Bladder cancer rates have steadily risen in recent decades, making bladder cancer the sixth most common cancer in the United States. In fact, the American Cancer Society estimates 68,810 new cases will be diagnosed this year and more than 14,000 people will die from bladder cancer. You can help change these stats by learning about bladder cancer, reducing your risks and asking your healthcare provider whether you should be screened.
The bladder is a hollow balloon-shaped organ that stores urine collected from the kidneys until it’s ready for release. It’s mostly muscle but has a thin inner lining surrounded by a layer of loose connective tissue. Most bladder cancers—about 90 percent—begin in this inner-lining layer.
Chronic inflammation and long-term irritation of the inner lining is the likely cause of most bladder cancers. In fact, most diagnosed bladder cancers are confined to the two innermost layers and don’t usually invade the bladder’s muscle layer.
Although experts still can’t explain why some people develop bladder cancer and others don’t, studies show the following factors may increase your risk:
Age. Your chances for getting bladder cancer increase as you get older. Bladder cancer among people younger than 40 is rare.
Tobacco. The cancer-causing agents in tobacco are a major cause of bladder cancer. Smokers are two to three times more likely than nonsmokers to develop bladder cancer.
Occupation. People who work in rubber, chemical, textile and leather industries face greater risk from exposure to carcinogens at work. Other workers, such as hairdressers, machinists, metal workers, printers, painters and truck drivers, also have an increased risk for bladder cancer. Long-term exposure to compounds such as paints and solvents is estimated to cause 20 percent to 25 percent of cases.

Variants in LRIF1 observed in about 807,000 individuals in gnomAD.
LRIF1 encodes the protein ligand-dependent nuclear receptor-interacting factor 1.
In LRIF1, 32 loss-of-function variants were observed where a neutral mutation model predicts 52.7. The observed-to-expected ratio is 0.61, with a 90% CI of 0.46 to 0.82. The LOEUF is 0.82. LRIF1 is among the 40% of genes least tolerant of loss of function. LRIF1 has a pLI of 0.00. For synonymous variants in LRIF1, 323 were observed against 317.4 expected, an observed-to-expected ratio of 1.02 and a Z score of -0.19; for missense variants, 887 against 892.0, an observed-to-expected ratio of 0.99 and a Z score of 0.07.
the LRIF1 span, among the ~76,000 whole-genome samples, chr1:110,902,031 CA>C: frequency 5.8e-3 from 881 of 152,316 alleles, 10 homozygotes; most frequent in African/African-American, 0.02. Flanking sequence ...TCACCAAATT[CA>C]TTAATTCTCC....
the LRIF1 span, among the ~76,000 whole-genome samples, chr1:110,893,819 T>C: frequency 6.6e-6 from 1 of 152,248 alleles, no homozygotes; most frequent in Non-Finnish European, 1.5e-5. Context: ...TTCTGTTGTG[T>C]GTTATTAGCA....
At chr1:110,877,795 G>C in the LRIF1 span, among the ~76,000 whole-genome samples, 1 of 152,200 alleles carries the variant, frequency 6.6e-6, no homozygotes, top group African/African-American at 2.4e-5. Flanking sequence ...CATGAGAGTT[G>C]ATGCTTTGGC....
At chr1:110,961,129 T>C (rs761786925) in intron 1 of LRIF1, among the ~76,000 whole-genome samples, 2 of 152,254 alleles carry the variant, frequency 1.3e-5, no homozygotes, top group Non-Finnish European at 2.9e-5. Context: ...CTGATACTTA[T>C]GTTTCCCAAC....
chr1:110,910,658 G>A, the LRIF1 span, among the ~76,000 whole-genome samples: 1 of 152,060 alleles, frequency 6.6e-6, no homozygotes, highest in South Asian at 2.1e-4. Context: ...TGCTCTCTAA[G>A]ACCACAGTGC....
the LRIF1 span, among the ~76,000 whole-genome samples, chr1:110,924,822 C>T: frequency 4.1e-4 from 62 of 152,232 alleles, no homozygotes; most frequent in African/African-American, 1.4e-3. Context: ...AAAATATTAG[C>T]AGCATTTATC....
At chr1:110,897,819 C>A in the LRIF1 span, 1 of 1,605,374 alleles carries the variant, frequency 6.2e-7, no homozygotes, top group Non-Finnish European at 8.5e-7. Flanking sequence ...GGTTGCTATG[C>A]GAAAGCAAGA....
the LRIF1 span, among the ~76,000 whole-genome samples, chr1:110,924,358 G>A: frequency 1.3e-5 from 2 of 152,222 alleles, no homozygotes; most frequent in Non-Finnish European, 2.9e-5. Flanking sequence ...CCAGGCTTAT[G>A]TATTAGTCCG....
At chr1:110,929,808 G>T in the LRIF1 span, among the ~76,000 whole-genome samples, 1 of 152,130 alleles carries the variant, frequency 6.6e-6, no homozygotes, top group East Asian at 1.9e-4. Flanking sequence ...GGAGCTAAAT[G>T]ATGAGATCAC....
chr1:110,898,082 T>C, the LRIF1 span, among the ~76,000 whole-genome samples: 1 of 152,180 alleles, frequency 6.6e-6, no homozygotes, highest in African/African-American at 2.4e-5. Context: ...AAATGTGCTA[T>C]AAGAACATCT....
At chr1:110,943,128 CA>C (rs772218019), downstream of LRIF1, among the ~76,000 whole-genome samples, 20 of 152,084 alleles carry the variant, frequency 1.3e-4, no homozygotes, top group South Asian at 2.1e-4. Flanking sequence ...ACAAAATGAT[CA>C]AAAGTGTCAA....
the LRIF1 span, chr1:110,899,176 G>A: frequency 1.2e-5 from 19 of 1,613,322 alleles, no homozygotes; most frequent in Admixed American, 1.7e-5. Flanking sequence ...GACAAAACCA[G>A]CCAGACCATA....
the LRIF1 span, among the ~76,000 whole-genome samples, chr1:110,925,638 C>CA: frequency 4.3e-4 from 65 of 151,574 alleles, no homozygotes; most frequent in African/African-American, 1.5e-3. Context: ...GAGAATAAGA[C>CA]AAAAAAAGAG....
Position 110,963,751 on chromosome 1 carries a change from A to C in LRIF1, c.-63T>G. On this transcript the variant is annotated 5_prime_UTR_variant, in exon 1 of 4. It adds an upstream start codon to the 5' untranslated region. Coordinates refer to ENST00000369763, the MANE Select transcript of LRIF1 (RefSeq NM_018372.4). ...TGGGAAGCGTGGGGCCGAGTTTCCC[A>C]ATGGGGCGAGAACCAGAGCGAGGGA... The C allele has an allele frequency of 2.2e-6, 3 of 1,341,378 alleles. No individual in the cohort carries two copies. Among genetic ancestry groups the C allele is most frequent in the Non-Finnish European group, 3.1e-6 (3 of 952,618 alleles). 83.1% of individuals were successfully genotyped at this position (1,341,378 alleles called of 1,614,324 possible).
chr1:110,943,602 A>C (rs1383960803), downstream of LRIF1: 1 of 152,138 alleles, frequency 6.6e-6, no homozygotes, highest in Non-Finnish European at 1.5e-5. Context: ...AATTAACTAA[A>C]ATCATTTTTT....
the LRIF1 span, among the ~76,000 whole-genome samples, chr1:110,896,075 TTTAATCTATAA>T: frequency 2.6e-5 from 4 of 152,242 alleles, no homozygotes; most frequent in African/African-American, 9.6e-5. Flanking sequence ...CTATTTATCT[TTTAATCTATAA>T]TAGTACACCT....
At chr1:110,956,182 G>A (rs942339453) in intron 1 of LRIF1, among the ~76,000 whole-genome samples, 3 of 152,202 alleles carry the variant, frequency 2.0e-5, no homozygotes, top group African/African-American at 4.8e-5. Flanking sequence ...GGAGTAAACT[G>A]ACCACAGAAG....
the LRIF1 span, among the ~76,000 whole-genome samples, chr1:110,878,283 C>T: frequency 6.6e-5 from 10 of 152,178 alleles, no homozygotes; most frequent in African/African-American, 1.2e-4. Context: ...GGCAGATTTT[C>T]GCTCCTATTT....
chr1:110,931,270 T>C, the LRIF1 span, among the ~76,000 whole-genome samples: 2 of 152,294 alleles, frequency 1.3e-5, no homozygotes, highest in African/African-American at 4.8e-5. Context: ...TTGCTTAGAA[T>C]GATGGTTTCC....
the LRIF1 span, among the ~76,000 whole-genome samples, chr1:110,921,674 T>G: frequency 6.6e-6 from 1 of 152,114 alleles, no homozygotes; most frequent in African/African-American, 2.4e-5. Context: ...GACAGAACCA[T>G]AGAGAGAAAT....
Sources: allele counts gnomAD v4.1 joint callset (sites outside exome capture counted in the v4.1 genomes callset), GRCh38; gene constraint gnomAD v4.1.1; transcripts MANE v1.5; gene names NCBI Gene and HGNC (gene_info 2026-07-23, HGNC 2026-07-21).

Infections. Chronic bladder infections, as well as infections with certain parasites, can increase your bladder cancer risk. While these parasites are found in tropical locales and aren’t common in the United States, you can get them if you travel.
Drug treatment. Some drug therapies, such as cyclophosphamide, which is used to treat other cancers and conditions, raise bladder cancer risk. If you have undergone such treatments, talk with your healthcare provider about your need for bladder cancer screening.
Race. Caucasians get bladder cancer at twice the rate of African-Americans and Hispanics. Asians have the lowest incidence.
Gender. Men are two to three times more likely than women to develop this cancer.
Family history. People who have a family member who had bladder cancer are at increased risk.
Personal history. People who’ve had bladder cancer are at greater risk for developing the cancer again.
Common early symptoms of bladder cancer include:
- blood in the urine (may appear slightly rusty to deep red)
- pain during urination
- frequent urination or feeling the urge to urinate but without results
Having these symptoms doesn’t mean you have cancer. Many conditions, such as a bladder infection, kidney stones, benign tumors or other problems can cause these symptoms, too. So let your healthcare provider determine the cause.
While no surefire way exists to prevent bladder cancer, talk with your healthcare provider about which of the following steps will help reduce your risk:
- Don’t smoke. Cancer-causing chemicals in smoke collect in the bladders of those who smoke. If you smoke, talk with your healthcare provider about a plan to help you quit.
- Follow all safety instructions and use protective equipment like a mask or a face shield to limit or avoid exposure when working with household or work-related chemicals.
- Have your water tested for arsenic, particularly if you have well water.
- Drink plenty of fluids. Fluids can dilute toxic substances that may be concentrating in and irritating your bladder and help flush them out in your urine more quickly.
- Eat your fruits and vegetables. Choose a diet rich in a variety of colorful fruits and vegetables. The antioxidants in fruits and vegetables may help reduce your cancer risk.